33. Josh1 Posted: January 24, 2010 at 08:35 PM (#3445407)
Cy, I thought about a similar process this afternoon for a quick and dirty way to adjust the stats of pre-integration players using OBP/SLG adjustments. I'm curious what people think.

Let’s say an all-white league has an average .330/.420 line with 4.66 r/g per the Baseball Musings lineup analysis tool. Let’s assume the bottom 30% of hitters are .300/.380 in this league, which puts the top 70% of white players at .343/.437 against white pitchers. Now, I’ll assume the bottom 30% of white players are replaced with players of other races with an average value equal to that of the 70% of best white batters so the marginal player of any race is equal in quality. These new players would hit on average .343/.437 against all white pitchers, and the league as a whole now also hits .343/.437 with 5.06 r/g).

Now, we’ll examine a similar effect with pitchers. We’ll assume the worst 30% of white pitchers allow .360/.460 and 5.58 r/g and the best 70% allow .317/.403 against all white batters. Again, introduce 30% new pitchers of other races with the same average ability of the remaining white pitchers so the league would allow .317/.403 against the average batter in an all-white-batter league.

With these assumptions, we’d expect the new set of pitchers in the league to lower the average batter OBP and SLG by about 4% each. The average batter in the new improved integrated league is also about 4% better, so the net run scoring of the league should remain close to unchanged – if I run the numbers exactly, I get a new integrated league average line of .329/.419. If you prefer other assumptions to a 30% discrimination factor, it is easy to adjust the numbers.

Some potential implications for stars: A Ted Williams-like theoretical hitter with a .475/.620 192 OPS+ in the original league hits .456/.595 180 OPS+ against the better pitching assuming his rates are reduced the same proportion as an average hitter. A Lefty Grove-like theoretical pitcher allowing .300/.315 3.12RA 149 RA+ allows a .312/.328 line against the improved batters good for a 3.46 RA 133 RA+.
   34. OCF Posted: January 24, 2010 at 08:35 PM (#3445409)
how good an athlete is james mcdonald?

Well, when he was 12 years old ... in the Little League game I saw him pitch in, he gave himself an extra-inning lead by hitting a 3 run HR in the top of the 9th, but then he couldn't hold the lead in the bottom of the 9th. Yeah, worthless anecdote. But I think he was actually drafted as a position player and converted to pitcher in the low minors.

Oh, and as for Little League being a very white experience - that applies here. McDonald was probably the only African-American on that league's all-star roster.
   35. Walt Davis Posted: January 24, 2010 at 08:37 PM (#3445410)
I honestly don't think there's any point in adjusting for pre-integration. There are too many assumptions involved and not nearly enough data. Too speculative and there's just not much payoff to concluding "under these huge assumptions, the Grove-Johnson comparison looks better/worse for Grove." I similarly see no point in trying to adjust for today's players being better than players in earlier eras. Now if you want to do it to define some boundaries that seems fine -- i.e. "in order for Johnson to be better than Grove, you'd have to assume that the integration effect is at least X."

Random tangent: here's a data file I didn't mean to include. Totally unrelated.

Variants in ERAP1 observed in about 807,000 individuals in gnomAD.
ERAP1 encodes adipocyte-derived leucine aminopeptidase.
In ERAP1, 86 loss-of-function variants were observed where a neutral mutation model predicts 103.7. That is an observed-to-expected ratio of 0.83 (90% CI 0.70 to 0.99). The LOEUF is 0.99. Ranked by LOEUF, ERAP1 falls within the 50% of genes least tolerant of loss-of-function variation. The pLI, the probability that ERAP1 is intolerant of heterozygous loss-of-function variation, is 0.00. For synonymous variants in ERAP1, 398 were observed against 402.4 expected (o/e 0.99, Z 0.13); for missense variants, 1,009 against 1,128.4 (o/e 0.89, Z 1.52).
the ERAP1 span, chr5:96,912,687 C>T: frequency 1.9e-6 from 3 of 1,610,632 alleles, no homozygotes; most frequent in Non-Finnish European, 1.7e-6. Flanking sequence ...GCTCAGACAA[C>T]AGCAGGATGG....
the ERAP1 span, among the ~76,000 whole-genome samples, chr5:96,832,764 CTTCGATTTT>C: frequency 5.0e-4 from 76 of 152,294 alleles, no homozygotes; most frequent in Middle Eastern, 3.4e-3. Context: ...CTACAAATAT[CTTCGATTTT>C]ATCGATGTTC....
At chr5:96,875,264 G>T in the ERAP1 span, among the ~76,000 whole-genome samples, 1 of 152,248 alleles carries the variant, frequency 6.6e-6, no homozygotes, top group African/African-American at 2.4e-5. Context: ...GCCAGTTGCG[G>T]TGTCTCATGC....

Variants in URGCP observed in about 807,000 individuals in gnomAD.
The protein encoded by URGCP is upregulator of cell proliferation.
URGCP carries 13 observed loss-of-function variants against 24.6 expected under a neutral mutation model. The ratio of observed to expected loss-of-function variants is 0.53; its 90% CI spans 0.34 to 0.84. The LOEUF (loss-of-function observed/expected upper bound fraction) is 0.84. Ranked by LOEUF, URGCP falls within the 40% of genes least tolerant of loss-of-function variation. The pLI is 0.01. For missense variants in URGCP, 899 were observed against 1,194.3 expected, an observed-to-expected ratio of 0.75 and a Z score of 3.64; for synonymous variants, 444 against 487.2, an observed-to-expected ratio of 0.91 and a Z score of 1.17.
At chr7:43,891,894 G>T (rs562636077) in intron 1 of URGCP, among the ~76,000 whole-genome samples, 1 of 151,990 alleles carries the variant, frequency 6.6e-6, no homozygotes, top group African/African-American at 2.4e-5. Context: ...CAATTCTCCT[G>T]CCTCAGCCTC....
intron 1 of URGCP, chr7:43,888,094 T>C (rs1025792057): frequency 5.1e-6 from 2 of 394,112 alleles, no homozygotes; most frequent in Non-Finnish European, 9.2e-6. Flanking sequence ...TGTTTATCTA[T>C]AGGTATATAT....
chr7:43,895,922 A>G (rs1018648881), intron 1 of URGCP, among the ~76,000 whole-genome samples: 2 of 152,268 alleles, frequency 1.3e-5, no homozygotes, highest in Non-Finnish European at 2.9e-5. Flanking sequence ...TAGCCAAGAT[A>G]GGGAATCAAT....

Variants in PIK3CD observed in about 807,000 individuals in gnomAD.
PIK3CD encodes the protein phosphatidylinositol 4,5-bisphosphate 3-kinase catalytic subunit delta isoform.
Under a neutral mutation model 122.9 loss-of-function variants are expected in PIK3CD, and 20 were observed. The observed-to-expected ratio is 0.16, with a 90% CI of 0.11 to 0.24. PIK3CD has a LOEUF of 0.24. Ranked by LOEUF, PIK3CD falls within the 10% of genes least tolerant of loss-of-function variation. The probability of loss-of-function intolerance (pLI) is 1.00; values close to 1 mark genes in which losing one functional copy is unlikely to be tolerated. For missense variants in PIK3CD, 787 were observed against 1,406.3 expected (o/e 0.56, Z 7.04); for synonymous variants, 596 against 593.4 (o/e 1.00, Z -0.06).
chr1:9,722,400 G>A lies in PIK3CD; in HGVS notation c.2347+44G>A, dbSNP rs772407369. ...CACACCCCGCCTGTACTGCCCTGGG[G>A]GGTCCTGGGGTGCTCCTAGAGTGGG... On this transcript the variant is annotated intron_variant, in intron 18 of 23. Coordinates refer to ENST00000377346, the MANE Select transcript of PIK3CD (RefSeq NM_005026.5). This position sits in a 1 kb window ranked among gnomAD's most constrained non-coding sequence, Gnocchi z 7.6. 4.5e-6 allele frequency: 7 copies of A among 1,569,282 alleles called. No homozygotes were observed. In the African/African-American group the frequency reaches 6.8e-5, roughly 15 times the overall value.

Anyway, it's complicated:
1. League average scoring goes up due to an increase in offensive talent.
2. For these sorts of distributions, the mean and the SD are related, so the SD goes up as well.
3. But the quality of the pitching also gets somewhat better.

So #1 pushes up Grove's raw stats but #2 probably improves his stats relative to mean while #3 probably doesn't have a huge effect but does mean you can't necessarily just plug in standard formulae for historical mean/SD relationships ... though maybe the 50s NL and 60s AL would give you some idea.
   36. Josh1 Posted: January 24, 2010 at 11:17 PM (#3445445)
Walt,
As the stats stand, Grove clearly dominates his league more than Johnson does his almost any way you slice it. If you replace the bottom 20-40% of the league with higher caliber players, it is pretty reasonable to conclude that the gap relative to their respective leagues narrows such that the differences become pretty hard to distinguish (ignoring the minor league credit issue for Grove, which I think puts him back on top). I think this point is distinct from and less difficult than adjusting the quality of play over time. It certainly involves speculation based on imperfectly calibrated assumptions, but I'm not sure it involves any more speculation than most of the other topics on the board. Certainly NeL equivalences are a far more difficult endeavor yet are still worth discussing.

On your point 2, I would have guessed the STD would go down in an integrated league if you integrated it all at once. The way the league actually integrated by only adding stars a few at a time should increase variance, of course, but I'm interested in thinking about a fair league with all the best players in the world. Wouldn't cutting the lowest 20-40% tail off of the original distribution (decreasing the range a fair bit) and adding another distribution with the roughly the same mean and var as the new improved league result in an overall lower STD league? We are eliminating the worst players, all reasonably high variance by definition, and replacing them with players with probably an average variance, give or take.